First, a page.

Why do we keep saying the traditional Rosh Hashana simanim blessings?

(courtesy)
(courtesy)

Have you ever wanted new or different Rosh Hashana blessings to accompany the simanim (symbolic foods)? Does it bother you to have the head of a fish on your table? Then you are not alone.

I’ve written some new Rosh Hashana simanim blessings that I hope you’ll like. And yes, I know there are other versions other than the Ashkenazi version of the simanim (I read about them in this blog post by David Swidler https://blogs.timesofisrael.com/10-rosh-hashanah-simanim-youve-probably-never-encountered/). But I’m talking about blessings for the foods Ashkenazim traditionally eat or display, that are just more, well positive.

I get it–the blessings that accompany the simanim were written during a time of persecution. Had I lived during that time I also would have found those blessings meaningful. And yes, we still have antisemites, and enemies, and we don’t want them to succeed. We want them to fail. That being said, with the increasing popularity of the Rosh Hashana simanim (when I grew up, we just had apples and honey, folks), maybe it’s time to take a look at some of them again.

I refer in particular to the overwhelming emphasis on praying 1) that bad things happen to our enemies, 2) that God will not punish us and 3) prayers that use Hebrew or Yiddish that is sometimes obscure for anyone with only basic conversational Hebrew, or is a forced match.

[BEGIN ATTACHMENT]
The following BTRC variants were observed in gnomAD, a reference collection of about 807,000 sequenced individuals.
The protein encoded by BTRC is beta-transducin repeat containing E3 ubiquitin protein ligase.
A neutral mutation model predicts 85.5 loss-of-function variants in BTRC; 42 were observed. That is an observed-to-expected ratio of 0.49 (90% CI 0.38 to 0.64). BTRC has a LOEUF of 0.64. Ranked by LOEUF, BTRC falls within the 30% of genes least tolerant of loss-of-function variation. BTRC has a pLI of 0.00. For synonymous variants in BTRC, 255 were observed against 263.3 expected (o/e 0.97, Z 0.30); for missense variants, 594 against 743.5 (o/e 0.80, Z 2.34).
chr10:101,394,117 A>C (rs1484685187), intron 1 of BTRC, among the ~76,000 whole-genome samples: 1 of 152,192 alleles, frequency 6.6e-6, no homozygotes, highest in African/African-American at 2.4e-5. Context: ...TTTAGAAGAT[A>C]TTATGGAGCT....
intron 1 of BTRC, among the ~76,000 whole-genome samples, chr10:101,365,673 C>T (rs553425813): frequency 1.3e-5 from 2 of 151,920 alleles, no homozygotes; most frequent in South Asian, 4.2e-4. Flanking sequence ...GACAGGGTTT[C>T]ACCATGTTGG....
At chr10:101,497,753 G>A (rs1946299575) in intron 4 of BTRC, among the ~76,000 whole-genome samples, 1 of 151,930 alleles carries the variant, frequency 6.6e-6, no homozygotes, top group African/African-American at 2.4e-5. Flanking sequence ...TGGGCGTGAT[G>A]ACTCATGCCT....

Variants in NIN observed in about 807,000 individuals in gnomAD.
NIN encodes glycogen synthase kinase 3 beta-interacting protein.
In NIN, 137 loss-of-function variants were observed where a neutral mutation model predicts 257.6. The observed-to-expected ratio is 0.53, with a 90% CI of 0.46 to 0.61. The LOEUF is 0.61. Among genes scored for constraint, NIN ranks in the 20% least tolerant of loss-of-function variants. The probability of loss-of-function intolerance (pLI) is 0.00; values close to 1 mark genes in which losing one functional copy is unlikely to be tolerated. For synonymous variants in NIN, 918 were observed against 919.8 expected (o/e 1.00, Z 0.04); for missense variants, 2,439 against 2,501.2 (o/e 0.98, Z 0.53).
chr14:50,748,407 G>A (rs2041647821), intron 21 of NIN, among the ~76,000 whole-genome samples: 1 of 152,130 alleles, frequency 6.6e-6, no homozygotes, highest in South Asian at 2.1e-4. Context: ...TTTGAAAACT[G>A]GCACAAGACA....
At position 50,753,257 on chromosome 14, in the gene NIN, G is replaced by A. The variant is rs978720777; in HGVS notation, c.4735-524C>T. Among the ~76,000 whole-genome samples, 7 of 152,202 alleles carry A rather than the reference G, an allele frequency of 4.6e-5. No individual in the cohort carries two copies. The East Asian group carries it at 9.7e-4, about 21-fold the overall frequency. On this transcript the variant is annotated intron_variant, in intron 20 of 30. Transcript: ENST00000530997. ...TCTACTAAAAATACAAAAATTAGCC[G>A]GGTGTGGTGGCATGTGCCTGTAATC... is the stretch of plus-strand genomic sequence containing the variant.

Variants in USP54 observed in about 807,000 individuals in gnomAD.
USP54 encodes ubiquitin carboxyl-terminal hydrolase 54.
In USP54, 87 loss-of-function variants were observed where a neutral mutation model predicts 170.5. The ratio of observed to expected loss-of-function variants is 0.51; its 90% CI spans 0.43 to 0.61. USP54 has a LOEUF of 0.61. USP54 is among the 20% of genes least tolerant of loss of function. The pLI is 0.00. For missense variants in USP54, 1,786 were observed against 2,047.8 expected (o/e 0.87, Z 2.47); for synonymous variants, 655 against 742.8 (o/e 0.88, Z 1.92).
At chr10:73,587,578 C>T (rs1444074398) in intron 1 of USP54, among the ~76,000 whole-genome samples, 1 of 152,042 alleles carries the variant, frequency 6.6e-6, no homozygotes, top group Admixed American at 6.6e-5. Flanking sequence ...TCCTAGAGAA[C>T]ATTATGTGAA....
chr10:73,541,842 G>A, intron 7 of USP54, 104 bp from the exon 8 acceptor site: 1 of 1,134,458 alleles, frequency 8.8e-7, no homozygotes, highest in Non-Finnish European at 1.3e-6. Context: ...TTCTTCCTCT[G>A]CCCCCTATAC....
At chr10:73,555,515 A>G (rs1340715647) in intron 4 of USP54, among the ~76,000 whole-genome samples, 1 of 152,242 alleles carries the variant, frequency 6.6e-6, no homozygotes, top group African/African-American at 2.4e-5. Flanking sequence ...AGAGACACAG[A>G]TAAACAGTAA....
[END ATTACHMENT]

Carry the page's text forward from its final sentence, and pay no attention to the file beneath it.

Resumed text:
Some examples (these explanations are copied from the beautiful and free NCSY simanim blessings card you can find online and download for free)- “May it be your will, God and God of our Forefathers….

Leeks: …שֶׁיִּכָּרְתוּ אוֹיְבֵינו that our enemies shall be destroyed. (The Hebrew word for leeks is “karsi” which resembles the word “lichros” which means “to destroy.”

Pumpkin or Gourd: … שֶׁתִּקְרַע רוֹעַ גְּזַר דִּינֵנו …that You will tear away all evil decrees before us. (The Hebrew word for gourd is “kara” which can also mean “tear” when spelled with an ayin).

Carrots: …שֶׁיִרְבּוּ זְכוּיוֹתֵינו …that our merits increase. (The Yiddish word for carrots is “mehren” which resembles the word “mehr” meaning “more.”)

Beets: ….שֶׁיִּסְתַּלְּקוּ אוֹיְבֵינו – that our enemies will be removed. (The Hebrew word for beets is “silka” which is similar to the word “lisalek” meaning “to remove.”

Dates: שֶׁיִּתַּמּוּ וְאוֹיְבֵינוּ.​​​​​​​ …that our enemies be consumed. (The Hebrew word for date is
“tamar” which is similar to the word “yitamu” which means “be consumed.”

I like the apples and honey blessing, and the pomegranate blessing, because they are positive, and even the fish blessing, which is positive, although I don’t want a fish head on my table. But the others need a positive spin.

If you are happy with the traditional blessings, because, you know TRADITION! (imagine Tevye singing here), then fine- you do you. But if you want an alternative, maybe you’ll enjoy my new modern version (which by the way is only in English until I get a chance to translate it, and uses English rhymes and play on words).

You can view my modern version up close and download both the traditional and modern pdfs with full color accents I created here: https://www.etsy.com/listing/1030689629/rosh-hashanah-simanim-printable-rosh?ga_search_query=simanim&ref=shop_items_search_1&pro=1

I wish all of us a year free of enemies, anti-Semites, and plagues. And full of all the good things; health, growth, success, and doing many mitzvot.

About the Author
Leah Richman is a rabbi and mother of two daughters living the vegetarian Jewish life in Boca Raton, FL. She has worked in congregations and Jewish Federations, and currently works at Liumi West Retreat, teaches online, blogs at Like Water For Torah, and is available for personal spiritual direction.
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